Listed Building

The legal part of the listing is the address/name of site only. All other information in the record is not statutory.

Ice House, HMP Castle Huntly, Longforgan, near DundeeLB12870

Status: Designated

Documents

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Summary

Category
A
Date Added
25/02/1993
Last Date Amended
23/10/2015
Supplementary Information Updated
29/10/2015
Local Authority
Perth And Kinross
Planning Authority
Perth And Kinross
Parish
Longforgan
NGR
NO 30207 29208
Coordinates
330207, 729208

Description

This ice house dates to the late 17th century and is situated to the northeast of the castle. There is a semicircular forecourt set into the hillside with rubble retaining walls and a flight of steps leading down to the entrance. This is surrounded by later metal railings. The interior, seen in 2014, has a brick lined passage leading to the egg-shaped brick-lined ice chamber.

Statement of Special Interest

Probably dating from around 1692, the Castle Huntly Ice House is an exceptionally early example not only for Scotland, but also for the UK. While ice houses from the 18th and 19th centuries are fairly common in an estate context, earlier examples are rare and intact early examples are even scarcer. For a building type which has long ceased to be used and was usually discretely sited, many have been at later risk of collapse. Castle Huntly is therefore also distinguished by its excellent condition with the brick interior in good repair. Although it does not have an 'architectural' treatment to its entrance like some of the finer examples from the 18th century onwards, it is, in our current state of knowledge, amongst Scotland's earliest and best-preserved ice houses.

The storage of food was an important consideration for a large estate with many people to feed. With no mechanical refrigeration, keeping food fresh was vital and a variety of specialist buildings were developed for this critical function, of which ice houses were one such type.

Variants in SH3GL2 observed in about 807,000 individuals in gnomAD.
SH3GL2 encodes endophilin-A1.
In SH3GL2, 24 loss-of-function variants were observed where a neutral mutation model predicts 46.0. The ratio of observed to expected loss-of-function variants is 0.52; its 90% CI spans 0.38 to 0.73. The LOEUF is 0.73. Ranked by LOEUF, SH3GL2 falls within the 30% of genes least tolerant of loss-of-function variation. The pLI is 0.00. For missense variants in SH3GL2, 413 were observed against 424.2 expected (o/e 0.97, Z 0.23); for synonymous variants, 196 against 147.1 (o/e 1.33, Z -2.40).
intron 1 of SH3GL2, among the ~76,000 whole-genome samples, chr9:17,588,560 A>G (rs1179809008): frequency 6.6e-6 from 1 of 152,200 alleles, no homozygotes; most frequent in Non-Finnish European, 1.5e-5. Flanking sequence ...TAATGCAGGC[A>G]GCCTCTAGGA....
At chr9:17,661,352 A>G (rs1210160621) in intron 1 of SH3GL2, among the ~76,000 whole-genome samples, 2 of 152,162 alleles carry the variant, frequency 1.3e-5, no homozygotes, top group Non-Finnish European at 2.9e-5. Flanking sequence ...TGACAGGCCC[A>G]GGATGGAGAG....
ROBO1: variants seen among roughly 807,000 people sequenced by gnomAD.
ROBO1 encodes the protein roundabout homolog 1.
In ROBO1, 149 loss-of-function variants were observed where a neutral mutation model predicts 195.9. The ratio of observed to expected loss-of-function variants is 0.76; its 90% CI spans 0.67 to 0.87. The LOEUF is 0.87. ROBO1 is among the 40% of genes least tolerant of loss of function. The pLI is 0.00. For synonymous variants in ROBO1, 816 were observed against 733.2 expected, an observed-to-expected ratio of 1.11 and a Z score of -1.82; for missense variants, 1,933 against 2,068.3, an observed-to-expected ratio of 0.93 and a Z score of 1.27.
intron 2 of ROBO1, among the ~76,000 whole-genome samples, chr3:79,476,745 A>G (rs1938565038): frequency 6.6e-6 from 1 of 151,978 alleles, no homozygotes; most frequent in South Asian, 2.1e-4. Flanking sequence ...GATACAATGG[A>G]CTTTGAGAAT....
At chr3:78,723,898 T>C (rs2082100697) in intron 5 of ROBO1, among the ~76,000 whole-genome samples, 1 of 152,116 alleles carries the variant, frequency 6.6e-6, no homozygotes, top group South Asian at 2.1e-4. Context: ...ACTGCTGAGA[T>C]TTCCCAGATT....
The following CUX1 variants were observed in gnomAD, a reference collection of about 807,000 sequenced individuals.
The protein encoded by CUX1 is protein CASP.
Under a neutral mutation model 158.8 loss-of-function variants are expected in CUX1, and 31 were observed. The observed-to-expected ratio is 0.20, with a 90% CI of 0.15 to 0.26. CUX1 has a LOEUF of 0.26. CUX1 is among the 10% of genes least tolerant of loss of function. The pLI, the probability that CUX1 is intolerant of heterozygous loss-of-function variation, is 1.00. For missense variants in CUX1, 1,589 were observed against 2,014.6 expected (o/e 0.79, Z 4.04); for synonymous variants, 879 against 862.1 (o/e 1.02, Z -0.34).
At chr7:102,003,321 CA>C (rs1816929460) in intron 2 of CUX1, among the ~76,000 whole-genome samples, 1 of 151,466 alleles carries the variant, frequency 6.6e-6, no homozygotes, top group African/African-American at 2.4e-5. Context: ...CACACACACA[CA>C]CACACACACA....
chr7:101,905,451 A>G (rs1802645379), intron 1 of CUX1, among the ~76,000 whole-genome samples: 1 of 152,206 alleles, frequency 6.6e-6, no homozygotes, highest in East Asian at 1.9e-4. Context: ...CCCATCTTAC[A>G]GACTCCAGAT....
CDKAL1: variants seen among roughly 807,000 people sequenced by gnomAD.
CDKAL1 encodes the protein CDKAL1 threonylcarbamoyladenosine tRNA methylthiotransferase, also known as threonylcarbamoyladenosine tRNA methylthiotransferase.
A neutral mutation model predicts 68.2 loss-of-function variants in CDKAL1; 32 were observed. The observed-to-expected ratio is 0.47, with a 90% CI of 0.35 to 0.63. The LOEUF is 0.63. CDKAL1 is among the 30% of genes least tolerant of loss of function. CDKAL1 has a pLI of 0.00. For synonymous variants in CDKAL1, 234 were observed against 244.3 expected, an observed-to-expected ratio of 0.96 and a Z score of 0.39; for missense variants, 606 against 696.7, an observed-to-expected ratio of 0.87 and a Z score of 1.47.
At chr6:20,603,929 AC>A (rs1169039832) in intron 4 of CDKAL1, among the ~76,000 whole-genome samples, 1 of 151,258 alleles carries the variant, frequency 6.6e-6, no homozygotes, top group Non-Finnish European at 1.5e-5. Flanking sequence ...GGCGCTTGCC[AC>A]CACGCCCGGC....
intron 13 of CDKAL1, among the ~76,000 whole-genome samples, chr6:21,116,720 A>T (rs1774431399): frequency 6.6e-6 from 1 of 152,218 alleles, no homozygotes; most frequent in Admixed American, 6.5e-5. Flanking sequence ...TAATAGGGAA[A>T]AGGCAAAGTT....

Ice houses are usually freestanding and covered with either turf or thatch and concealed within a natural slope to keep them cool. The majority were built between 1750 and 1875, usually on an estate near a stable block or walled garden. In the winter they were filled with ice collected from nearby ponds or rivers and then used to store a variety of produce, such as fish, meat, and drink throughout the year.

While they are normally less obvious in the landscape than other ancillary estate buildings, ice houses are nevertheless an important building type as they tell us much about our domestic and estate history and they are an integral part of the suite of buildings that are associated with large houses.

E A Urquhart in his article about the ice house at Castle Huntly in the Proceedings of the Society of Antiquaries of Scotland of 1959-60 notes that 'it would seem to be one of the finest examples extant' (p.248). Urquhart explains that there is a record of work being done at an ice house in 1692 and it is assumed that the record refers to the surviving ice house and that it was therefore built by this date. Urquhart suggests that ice houses were introduced to Britain (London) in around 1650.

Category changed from B to A, statutory address and listed building record revised in 2015 as part of the Scottish Prison Service Listing Review 2014-15. Previously listed as 'Castle Huntly, Ice House'.

References

Bibliography

Royal Commission on the Ancient and Historical Monuments of Scotland: http://www.rcahms.gov.uk/canmore.html CANMORE ID 31728

John Adair (1683) The Mappe of Straithern, Stormont, and Cars of Gowrie with the rivers Tay and Ern at http://maps.nls.uk/view/00001006

Ordnance Survey (surveyed 1861, published 1867) Perthshire LXXXVIII. 6 inches to 1 mile 1st Edition. London: Ordnance Survey.

John Gifford (2007) Perth and Kinross: The Buildings of Scotland. New Haven and London: Yale University Press. p.259-62.

Statistical Account (1791-99) Longforgan – County of Perth, Vol. 19. pp.468, 474-479.

New Statistical Account (1834-45) Longforgan – County of Perth, Vol. 10. pp.409-10.

Proceedings of the Society of Antiquaries of Scotland. Session 1959-60, Vol. 93. pp.202-16.

About Listed Buildings

Listing is the way that a building or structure of special architectural or historic interest is recognised by law through the Planning (Listed Buildings and Conservation Areas) (Scotland) Act 1997.

We list buildings of special architectural or historic interest using the criteria published in the Historic Environment Scotland Policy Statement.

The statutory listing address is the legal part of the listing. The information in the listed building record gives an indication of the special architectural or historic interest of the listed building(s). It is not a definitive historical account or a complete description of the building(s). The format of the listed building record has changed over time. Earlier records may be brief and some information will not have been recorded.

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Printed: 19/11/2018 17:27